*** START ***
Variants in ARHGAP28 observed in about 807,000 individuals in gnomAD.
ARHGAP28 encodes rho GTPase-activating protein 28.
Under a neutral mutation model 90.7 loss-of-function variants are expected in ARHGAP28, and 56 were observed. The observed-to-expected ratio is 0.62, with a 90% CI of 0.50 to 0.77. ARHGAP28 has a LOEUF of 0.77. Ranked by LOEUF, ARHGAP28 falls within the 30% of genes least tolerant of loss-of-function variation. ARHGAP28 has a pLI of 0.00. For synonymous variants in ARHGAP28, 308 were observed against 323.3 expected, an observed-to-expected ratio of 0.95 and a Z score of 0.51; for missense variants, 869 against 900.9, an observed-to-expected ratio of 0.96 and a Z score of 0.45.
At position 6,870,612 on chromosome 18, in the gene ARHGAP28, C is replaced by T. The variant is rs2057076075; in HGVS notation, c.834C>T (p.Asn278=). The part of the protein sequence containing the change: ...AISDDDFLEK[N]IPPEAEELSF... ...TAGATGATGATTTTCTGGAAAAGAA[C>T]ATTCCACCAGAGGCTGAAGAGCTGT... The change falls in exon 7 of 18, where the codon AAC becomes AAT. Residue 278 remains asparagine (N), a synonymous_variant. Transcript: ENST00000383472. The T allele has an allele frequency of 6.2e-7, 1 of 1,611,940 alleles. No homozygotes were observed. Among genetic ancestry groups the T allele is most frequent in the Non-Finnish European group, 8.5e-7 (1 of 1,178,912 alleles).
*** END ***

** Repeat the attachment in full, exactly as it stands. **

Variants in ARHGAP28 observed in about 807,000 individuals in gnomAD.
ARHGAP28 encodes rho GTPase-activating protein 28.
Under a neutral mutation model 90.7 loss-of-function variants are expected in ARHGAP28, and 56 were observed. The observed-to-expected ratio is 0.62, with a 90% CI of 0.50 to 0.77. ARHGAP28 has a LOEUF of 0.77. Ranked by LOEUF, ARHGAP28 falls within the 30% of genes least tolerant of loss-of-function variation. ARHGAP28 has a pLI of 0.00. For synonymous variants in ARHGAP28, 308 were observed against 323.3 expected, an observed-to-expected ratio of 0.95 and a Z score of 0.51; for missense variants, 869 against 900.9, an observed-to-expected ratio of 0.96 and a Z score of 0.45.
At position 6,870,612 on chromosome 18, in the gene ARHGAP28, C is replaced by T. The variant is rs2057076075; in HGVS notation, c.834C>T (p.Asn278=). The part of the protein sequence containing the change: ...AISDDDFLEK[N]IPPEAEELSF... ...TAGATGATGATTTTCTGGAAAAGAA[C>T]ATTCCACCAGAGGCTGAAGAGCTGT... The change falls in exon 7 of 18, where the codon AAC becomes AAT. Residue 278 remains asparagine (N), a synonymous_variant. Transcript: ENST00000383472. The T allele has an allele frequency of 6.2e-7, 1 of 1,611,940 alleles. No homozygotes were observed. Among genetic ancestry groups the T allele is most frequent in the Non-Finnish European group, 8.5e-7 (1 of 1,178,912 alleles).